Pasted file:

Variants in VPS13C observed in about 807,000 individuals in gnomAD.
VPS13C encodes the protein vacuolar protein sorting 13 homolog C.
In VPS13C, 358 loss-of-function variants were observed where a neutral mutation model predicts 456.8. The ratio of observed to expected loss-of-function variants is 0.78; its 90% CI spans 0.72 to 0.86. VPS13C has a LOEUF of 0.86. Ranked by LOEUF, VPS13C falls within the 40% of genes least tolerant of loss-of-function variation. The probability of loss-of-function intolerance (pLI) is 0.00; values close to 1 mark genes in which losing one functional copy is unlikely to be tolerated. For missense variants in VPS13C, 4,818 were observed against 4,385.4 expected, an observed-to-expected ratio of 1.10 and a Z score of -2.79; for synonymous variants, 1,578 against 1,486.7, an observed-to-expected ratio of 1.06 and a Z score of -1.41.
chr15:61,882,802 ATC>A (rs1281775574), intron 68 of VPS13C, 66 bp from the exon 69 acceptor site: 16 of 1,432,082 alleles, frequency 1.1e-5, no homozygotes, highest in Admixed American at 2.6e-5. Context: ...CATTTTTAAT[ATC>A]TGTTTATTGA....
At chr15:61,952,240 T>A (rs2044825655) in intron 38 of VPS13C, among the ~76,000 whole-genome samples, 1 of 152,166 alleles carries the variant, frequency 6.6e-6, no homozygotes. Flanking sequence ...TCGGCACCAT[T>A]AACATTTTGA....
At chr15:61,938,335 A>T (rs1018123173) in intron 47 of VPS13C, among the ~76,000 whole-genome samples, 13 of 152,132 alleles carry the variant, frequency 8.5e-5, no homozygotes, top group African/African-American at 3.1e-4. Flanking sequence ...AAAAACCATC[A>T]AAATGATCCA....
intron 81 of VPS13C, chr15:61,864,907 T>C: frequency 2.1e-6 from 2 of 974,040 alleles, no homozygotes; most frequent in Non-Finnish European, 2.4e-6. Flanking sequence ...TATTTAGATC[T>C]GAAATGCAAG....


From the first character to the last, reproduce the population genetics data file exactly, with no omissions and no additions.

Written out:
Variants in VPS13C observed in about 807,000 individuals in gnomAD.
VPS13C encodes the protein vacuolar protein sorting 13 homolog C.
In VPS13C, 358 loss-of-function variants were observed where a neutral mutation model predicts 456.8. The ratio of observed to expected loss-of-function variants is 0.78; its 90% CI spans 0.72 to 0.86. VPS13C has a LOEUF of 0.86. Ranked by LOEUF, VPS13C falls within the 40% of genes least tolerant of loss-of-function variation. The probability of loss-of-function intolerance (pLI) is 0.00; values close to 1 mark genes in which losing one functional copy is unlikely to be tolerated. For missense variants in VPS13C, 4,818 were observed against 4,385.4 expected, an observed-to-expected ratio of 1.10 and a Z score of -2.79; for synonymous variants, 1,578 against 1,486.7, an observed-to-expected ratio of 1.06 and a Z score of -1.41.
chr15:61,882,802 ATC>A (rs1281775574), intron 68 of VPS13C, 66 bp from the exon 69 acceptor site: 16 of 1,432,082 alleles, frequency 1.1e-5, no homozygotes, highest in Admixed American at 2.6e-5. Context: ...CATTTTTAAT[ATC>A]TGTTTATTGA....
At chr15:61,952,240 T>A (rs2044825655) in intron 38 of VPS13C, among the ~76,000 whole-genome samples, 1 of 152,166 alleles carries the variant, frequency 6.6e-6, no homozygotes. Flanking sequence ...TCGGCACCAT[T>A]AACATTTTGA....
At chr15:61,938,335 A>T (rs1018123173) in intron 47 of VPS13C, among the ~76,000 whole-genome samples, 13 of 152,132 alleles carry the variant, frequency 8.5e-5, no homozygotes, top group African/African-American at 3.1e-4. Flanking sequence ...AAAAACCATC[A>T]AAATGATCCA....
intron 81 of VPS13C, chr15:61,864,907 T>C: frequency 2.1e-6 from 2 of 974,040 alleles, no homozygotes; most frequent in Non-Finnish European, 2.4e-6. Flanking sequence ...TATTTAGATC[T>C]GAAATGCAAG....